There was a bull loose in Queens Tuesday afternoon. And recently-down-on-his-luck provocateur Milo Yiannopoulos held a news conference in SoHo.
The bull made it nearly two miles after escaping from a slaughterhouse. It trailed TV cameras and bystanders and Twitter well-wishers in its unsuccessful race for freedom. Yiannopoulos summoned reporters more directly: calling a news conference to apologize for remarks condoning sex with underage boys.
After his remarks circulated widely this weekend, Yiannopoulos lost his speaking slot at the Conservative Political Action Conference as well as his book contract with Simon & Schuster. He “resigned” from his position as an editor at Breitbart News. So he hastily arranged the news conference on the 11th floor of a nondescript building on Broadway. Wearing a sober suit and tie as opposed to the flashy, all-white outfits or wild haircuts he often sports, he apologized for some of his statements but vowed that he’d return, stronger and more newsworthy than ever before. Perhaps even more so, presumably, than the escaped bull that had just met its demise on the other side of the country’s media capital.
The rise of Milo
Yiannopoulos came to fame for cheering Gamergate participants, online trolls who threatened rape and harm of female video game players. He has lambasted Black Lives Matter activists and said “the only reason people become feminists is because they’re deeply physically unattractive.” His Twitter account was suspended for remarks he made about actress Leslie Jones, who was the subject of abuse from him and other online trolls. In the video interview where he plays down underage abuse, he also questions the left’s “arbitrary and oppressive idea of consent.”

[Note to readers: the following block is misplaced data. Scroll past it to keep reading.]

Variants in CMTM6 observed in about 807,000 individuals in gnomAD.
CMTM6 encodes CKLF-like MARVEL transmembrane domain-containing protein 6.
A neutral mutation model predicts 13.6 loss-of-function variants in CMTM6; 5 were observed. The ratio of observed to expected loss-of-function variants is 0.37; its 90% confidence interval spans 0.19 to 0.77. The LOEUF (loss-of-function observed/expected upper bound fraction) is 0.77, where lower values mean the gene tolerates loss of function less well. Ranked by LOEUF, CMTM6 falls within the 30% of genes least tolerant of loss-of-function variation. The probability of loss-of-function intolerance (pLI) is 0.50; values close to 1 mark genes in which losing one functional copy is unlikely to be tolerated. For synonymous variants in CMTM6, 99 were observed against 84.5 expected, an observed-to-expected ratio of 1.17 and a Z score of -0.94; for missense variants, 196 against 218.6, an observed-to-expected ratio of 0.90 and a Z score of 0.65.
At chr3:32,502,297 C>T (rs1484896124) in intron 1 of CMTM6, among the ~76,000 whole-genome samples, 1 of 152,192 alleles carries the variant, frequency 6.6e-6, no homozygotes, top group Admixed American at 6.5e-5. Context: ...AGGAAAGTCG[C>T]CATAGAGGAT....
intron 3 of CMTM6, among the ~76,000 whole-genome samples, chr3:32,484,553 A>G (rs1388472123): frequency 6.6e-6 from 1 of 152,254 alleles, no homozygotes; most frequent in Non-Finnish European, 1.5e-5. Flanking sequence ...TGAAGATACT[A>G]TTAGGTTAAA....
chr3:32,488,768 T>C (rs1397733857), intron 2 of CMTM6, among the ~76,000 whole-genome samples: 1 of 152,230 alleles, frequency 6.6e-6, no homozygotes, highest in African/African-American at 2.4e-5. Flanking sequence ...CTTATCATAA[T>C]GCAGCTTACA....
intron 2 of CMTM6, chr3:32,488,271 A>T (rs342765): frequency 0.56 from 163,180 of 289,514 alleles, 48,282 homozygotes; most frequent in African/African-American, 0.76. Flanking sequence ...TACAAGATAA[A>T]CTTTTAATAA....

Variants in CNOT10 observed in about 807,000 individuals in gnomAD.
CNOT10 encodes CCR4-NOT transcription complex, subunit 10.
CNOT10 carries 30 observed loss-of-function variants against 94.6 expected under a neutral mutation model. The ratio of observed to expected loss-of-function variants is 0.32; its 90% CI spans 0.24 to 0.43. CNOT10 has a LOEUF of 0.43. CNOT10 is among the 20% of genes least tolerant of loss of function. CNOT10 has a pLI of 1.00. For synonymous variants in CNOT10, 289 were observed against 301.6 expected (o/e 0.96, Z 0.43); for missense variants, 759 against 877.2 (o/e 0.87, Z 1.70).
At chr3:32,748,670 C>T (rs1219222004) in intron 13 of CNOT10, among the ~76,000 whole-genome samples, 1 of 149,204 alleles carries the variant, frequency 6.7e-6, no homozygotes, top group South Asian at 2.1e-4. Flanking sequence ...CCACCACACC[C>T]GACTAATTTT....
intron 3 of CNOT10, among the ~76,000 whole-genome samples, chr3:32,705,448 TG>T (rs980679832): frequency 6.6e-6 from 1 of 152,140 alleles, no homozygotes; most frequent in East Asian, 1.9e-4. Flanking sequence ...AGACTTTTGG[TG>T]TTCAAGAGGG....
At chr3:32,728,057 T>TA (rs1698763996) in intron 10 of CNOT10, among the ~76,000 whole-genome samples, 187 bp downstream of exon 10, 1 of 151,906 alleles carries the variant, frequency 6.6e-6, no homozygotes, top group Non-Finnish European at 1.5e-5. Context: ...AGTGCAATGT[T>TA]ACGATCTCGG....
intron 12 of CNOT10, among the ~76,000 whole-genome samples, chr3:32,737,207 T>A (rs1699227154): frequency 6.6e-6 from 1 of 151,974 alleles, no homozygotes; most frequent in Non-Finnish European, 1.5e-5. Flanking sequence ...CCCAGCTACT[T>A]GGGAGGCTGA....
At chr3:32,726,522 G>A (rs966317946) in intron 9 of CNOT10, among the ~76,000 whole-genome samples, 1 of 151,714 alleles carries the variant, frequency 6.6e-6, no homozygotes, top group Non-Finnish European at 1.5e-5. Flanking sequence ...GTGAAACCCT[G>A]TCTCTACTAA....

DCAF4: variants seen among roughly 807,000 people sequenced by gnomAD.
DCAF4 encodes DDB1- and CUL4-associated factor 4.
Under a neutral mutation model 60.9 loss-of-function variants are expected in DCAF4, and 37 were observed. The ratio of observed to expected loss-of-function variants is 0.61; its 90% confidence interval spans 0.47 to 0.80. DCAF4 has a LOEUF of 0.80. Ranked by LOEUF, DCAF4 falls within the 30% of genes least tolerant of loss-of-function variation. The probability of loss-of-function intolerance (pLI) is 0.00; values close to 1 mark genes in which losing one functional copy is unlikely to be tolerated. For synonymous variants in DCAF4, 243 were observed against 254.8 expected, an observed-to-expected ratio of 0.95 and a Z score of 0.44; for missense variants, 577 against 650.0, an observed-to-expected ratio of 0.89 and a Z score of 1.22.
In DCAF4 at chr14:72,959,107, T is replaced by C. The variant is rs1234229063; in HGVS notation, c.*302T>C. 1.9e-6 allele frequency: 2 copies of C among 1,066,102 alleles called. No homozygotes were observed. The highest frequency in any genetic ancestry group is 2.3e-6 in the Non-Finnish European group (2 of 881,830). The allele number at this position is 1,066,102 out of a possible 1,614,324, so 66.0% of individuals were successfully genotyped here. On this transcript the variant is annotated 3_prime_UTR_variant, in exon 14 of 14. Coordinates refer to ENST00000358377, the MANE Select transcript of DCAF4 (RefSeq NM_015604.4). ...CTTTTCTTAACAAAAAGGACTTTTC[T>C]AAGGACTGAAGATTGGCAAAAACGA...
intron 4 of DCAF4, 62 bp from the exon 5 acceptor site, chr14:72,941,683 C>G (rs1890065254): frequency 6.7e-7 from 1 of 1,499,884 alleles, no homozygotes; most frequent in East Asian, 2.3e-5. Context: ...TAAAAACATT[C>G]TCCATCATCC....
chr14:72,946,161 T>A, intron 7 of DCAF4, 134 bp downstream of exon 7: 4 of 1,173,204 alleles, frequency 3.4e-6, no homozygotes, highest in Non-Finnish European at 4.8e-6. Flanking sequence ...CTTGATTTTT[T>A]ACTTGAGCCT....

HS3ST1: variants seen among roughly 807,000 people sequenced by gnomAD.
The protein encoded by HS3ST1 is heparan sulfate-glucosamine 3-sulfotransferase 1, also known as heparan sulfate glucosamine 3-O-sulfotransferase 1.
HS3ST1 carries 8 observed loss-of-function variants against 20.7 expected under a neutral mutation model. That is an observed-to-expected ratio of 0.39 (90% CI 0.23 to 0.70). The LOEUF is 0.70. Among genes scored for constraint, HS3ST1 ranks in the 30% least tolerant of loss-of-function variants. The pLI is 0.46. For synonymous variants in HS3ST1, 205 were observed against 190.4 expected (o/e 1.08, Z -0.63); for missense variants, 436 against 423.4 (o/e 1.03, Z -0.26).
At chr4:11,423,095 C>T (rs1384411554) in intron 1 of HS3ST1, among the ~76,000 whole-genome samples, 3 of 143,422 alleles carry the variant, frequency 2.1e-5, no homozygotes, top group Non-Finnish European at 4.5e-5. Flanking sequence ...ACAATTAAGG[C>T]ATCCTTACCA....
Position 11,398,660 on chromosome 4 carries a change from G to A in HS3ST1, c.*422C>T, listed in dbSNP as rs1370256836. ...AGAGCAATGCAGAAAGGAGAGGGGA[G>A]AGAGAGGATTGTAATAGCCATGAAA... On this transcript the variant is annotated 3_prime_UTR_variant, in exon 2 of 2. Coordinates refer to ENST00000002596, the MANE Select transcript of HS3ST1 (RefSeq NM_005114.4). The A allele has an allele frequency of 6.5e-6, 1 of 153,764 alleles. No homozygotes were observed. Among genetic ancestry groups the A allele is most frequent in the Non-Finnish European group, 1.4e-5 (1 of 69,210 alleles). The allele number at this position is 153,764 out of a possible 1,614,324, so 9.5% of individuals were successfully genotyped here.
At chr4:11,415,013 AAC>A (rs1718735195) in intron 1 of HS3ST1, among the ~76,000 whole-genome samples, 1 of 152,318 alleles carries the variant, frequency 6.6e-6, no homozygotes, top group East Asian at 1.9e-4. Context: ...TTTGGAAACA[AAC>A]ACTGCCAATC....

He has chastised and dismissed the reaction to him — campus protests and a riot, for example — as fear of freedom of speech.
It’s a useful argument for him, and hearing his permitted speech is a true test for the principle. But he’s no noble warrior for American values. More like the Westboro Baptist Church, lonely purveyors of hate speech against gays, soldiers, Jews.
An apology — kind of
At his news conference on Tuesday, Yiannopoulos said he regretted some of his taped remarks, though he added that the general impulse of them was “black comedy” and “gallows humor,” given that he had suffered from abuse as a teenager. He said, “I do not support child abuse,” and rightly bemoaned the kind of insane scrutiny of online life that could lead to the unearthing of a handful of videos — more pity than he showed for others suffering from similar online issues.
But soon he was back in his usual form, visibly gaining comfort as he returned to the usual buzzphrases: “cynical media witchhunt,” “coastal cities,” “social justice warriors” and “break taboos.”
He said he didn’t mean to be “crowing” but he didn’t think the book cancellation, Breitbart resignation, or CPAC disinvitation had “done any harm for my profile.” Rather, it was just an “opportunity to reach even more people.”
On that front, he announced he’d be finding a new publisher for his book within the year, in addition to starting his own media venture. The book would have a new chapter, he suggested, and 10 percent of the proceeds would be donated to address the issue of child abuse. The media venture would be focused on “entertainment” and “education,” he said, because he was giving journalism a rest.
In his desire to entertain, and be constantly in the public sphere, he has borrowed the strategies of President Donald Trump’s campaign. (Trump’s chief strategist Steve Bannon was Yiannopoulos’ boss at the alt-right-friendly Breitbart.)
Like Trump, he sees himself as a world-historic figure, experiencing receptions unlike anything that has happened “in the history of this country before,” he said Tuesday. He noted that he had “a really good understanding of this country,” unlike the journalists assembled before him in real life and via screen.
Like Trump, he understands the country, and the particular nerve endings of American culture sure to reward with a reaction and a click. He knows how to stay in vogue.
On Tuesday, he promised he’d be around for the next 30 years, doing what he has been doing. He left the rented office space after less than an hour, got into a car to the tune of a handful of protesters’ jeers. Not much of a crowd for Broadway and Houston, even on a weekday afternoon. On this particular day at least New York’s attention was elsewhere.
Maybe on the bull.